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History Leaves of the Methodist Tree – August 2019

History Leaves of the Methodist Tree
Compiled by Johnny Cordell
“John Henniger, Builder of Churches”

August 2019

     In 1817 Circuit Rider John Henniger was assigned to the Sequatchie Valley where he served present day Chapel Hill community that was the northern end of Marion County which was also created in 1817.  Before 1807 the Sequatchie Valley was part of Roane County until Bledsoe County was formed that year with Brush Creek as its southern boundary.  The lands south of Brush Creek was generally regarded as the Indians Lands of the Cherokee and were protected by Federal Troops until 1817 when the Cherokee were pressured to cede their lands with the Jackson-McMinn Treaty.  It was against this backdrop that the Reverend John Henniger was assigned his charge.

     John Henniger was born in Virginia in 1784.  He joined the Western Conference in 1807.  He served charges in Mississippi, Ohio, and Kentucky as well as Tennessee, where he was very popular.  John Henniger was a member of the western, Tennessee, and Holston Conferences without transferring, serving each as it was carved out of the former.  He did his most important work as presiding elder.  In this capacity, he served French Broad, Knoxville, and the Washington Districts.  He was presiding elder of the Washington District from 1830-1834 and again in 1835-1937, where he finished his faithful and brilliant career.  He died December 23, 1838.  His loyal wife had died six days earlier on December 17th.

     The Washington District covered Sequatchie Valley; hence John Henniger was well known and beloved there.  He lived for a few years near Pikeville.   Four of his daughters were married there.  Five of his grandchildren resided in Bledsoe County and one granddaughter lived in Chattanooga.

     The wife of John Henniger was formerly Jane Anderson of Virginia, aunt of Louise Anderson Kirklin.  The Kirklins resided in the house currently occupied by Lynn and Katherine Allen.  Mrs. Kirklin was the daughter of John Anderson, Jr. (who was a brother of Jane Anderson) and Elizabeth McNair Anderson of Bledsoe County, where Mrs. Kirklin was born September 8, 1806.  She was the first child of European descent born in the Sequatchie Valley.  Jane’s brother was Col. Josiah Anderson, a member of Congress; and two of Jane’s great nieces were married to circuit riders, John Alley and Mitchell Swaim.  John Alley was the longest serving minister of Henniger’s Chapel and Chapel Hill until that record was broken by Tom Tucker in 2018.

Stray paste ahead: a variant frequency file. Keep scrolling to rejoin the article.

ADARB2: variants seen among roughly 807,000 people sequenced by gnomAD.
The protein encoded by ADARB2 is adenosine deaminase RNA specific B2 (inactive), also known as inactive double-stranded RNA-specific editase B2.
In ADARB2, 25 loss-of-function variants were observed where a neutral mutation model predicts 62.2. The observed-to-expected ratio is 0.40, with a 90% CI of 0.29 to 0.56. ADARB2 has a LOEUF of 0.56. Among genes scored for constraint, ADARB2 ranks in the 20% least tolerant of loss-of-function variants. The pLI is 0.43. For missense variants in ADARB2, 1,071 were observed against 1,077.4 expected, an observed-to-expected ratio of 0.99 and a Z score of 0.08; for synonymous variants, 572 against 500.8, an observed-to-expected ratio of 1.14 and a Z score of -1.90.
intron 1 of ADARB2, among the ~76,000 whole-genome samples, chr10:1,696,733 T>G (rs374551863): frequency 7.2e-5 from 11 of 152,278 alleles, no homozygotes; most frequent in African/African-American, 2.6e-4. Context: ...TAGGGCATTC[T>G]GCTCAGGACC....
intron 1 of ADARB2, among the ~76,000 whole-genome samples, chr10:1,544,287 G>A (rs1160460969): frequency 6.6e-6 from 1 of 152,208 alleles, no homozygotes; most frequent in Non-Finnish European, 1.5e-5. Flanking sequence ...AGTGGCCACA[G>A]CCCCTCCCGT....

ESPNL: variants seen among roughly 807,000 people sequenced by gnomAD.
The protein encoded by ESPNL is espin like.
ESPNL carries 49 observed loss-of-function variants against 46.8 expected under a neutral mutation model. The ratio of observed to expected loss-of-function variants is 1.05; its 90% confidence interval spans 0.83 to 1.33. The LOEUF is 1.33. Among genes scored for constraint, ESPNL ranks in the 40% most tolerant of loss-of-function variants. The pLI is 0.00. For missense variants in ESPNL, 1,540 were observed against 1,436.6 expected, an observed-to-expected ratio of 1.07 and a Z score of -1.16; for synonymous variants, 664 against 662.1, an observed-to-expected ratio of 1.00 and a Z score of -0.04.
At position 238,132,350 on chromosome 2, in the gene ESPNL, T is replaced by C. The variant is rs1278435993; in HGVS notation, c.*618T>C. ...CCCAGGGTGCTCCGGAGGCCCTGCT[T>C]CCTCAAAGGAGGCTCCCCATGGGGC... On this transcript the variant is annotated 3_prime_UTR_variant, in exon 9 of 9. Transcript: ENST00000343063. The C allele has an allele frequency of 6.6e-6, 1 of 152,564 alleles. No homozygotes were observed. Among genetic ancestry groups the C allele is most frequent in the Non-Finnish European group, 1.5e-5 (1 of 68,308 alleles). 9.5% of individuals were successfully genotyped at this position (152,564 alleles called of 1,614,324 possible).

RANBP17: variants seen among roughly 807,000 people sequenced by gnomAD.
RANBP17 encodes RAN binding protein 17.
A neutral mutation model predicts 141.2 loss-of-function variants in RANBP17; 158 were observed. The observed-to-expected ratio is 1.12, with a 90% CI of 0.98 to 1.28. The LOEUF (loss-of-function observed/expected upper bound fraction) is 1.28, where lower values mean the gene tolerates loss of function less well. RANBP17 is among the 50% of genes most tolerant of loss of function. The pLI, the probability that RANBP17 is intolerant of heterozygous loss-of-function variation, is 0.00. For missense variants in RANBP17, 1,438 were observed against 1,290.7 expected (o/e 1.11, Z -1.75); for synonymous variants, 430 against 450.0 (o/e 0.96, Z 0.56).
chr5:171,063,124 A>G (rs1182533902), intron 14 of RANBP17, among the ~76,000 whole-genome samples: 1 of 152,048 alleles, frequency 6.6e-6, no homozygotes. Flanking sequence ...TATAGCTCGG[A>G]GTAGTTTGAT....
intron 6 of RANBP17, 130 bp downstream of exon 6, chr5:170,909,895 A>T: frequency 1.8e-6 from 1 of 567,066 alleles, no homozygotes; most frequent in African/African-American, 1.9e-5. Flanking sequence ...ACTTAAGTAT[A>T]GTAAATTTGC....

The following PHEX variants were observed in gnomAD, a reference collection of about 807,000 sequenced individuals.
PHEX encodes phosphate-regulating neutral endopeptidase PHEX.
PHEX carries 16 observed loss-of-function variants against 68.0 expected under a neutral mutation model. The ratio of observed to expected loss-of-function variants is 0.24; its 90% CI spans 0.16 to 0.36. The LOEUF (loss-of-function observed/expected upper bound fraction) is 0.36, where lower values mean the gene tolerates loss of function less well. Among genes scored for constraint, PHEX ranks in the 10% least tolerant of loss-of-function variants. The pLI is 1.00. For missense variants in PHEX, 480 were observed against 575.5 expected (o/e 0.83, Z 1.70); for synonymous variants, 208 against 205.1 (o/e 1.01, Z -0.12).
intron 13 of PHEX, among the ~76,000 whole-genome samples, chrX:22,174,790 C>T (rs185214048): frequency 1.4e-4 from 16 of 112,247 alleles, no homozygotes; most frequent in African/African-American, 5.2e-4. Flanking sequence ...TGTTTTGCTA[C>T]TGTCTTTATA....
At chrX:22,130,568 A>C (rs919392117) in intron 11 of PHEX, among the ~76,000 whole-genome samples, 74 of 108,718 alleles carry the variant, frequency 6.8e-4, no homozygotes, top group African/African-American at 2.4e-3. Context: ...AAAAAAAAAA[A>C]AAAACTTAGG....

In 1852, the Kirklins donated land for a new church.  Adding to the popularity of John Henniger, these blood ties helped to determine the name of the church fourteen years after his death.

Compilers note:  During my research, I found 4 different spellings of this individual.  Mary Thomas Peacock  “The Circuit Ride and Those  Who Followed” list him as Henninger.  Edna Susong Jackson “Chapel Hill” list him as Henniger, which is the spelling I utilized in this article.  The history of Beth-Car Methodist Church list him in 1814 as John Hennigar, known as “builder of churches”.  However John Henniger is interred in Fort Hill Cemetery in Cleveland, Tennessee where the family name is listed as Henegar.


Next month’s question:  Who is the longest serving pianist/organist in Chapel Hill history?



Annual Conference 2019 Highlights


In her “State of the Church” report, Bishop Dindy Taylor read Paul’s letter in 1 Corinthians 12 about unity and diversity in the church: “The way God designed our bodies is a model for understanding our lives together as a church”.  She said she had attended meetings in which both progressives and traditionalists felt “deeply hurt” because they believed “the United Methodist Church no longer wanted them to be part of it”.  Despite disagreements between members, the church can still work together to love people, Taylor said.  “That’s Christ’s body.  That’s who we are.  We must never forget that, because God is counting on us”.

In the Lay Leader’s Report, Del Holley said Holston Conference has two paths:  one is a path filled with worry, hand-wringing, and asking ‘What is the future of the church?’” Holley said, “We must avoid that path at all costs for God has not given us a spirit of fear, but of power and of love and of self-control.”  Instead, he challenged members to “choose the path of devotion, recommit yourself to sharing the good news of God’s love and claim the power of the Holy Spirit that the Kingdom of God may come upon the earth”.

A $9.1 million budget for 2020 was approved.  This is less than the $9.25 million approved for 2019.

The Hands-on Mission Project was valued at $220,131 with all districts exceeding their goals with total 9,042 kits.  Scenic South (home buckets) goal was 400.  Actual received was 1,375.  Change for Children received $61,990.  The Addiction Ministry offering was $129,733.  This will be distributed in grants for new and existing ministries addressing addiction.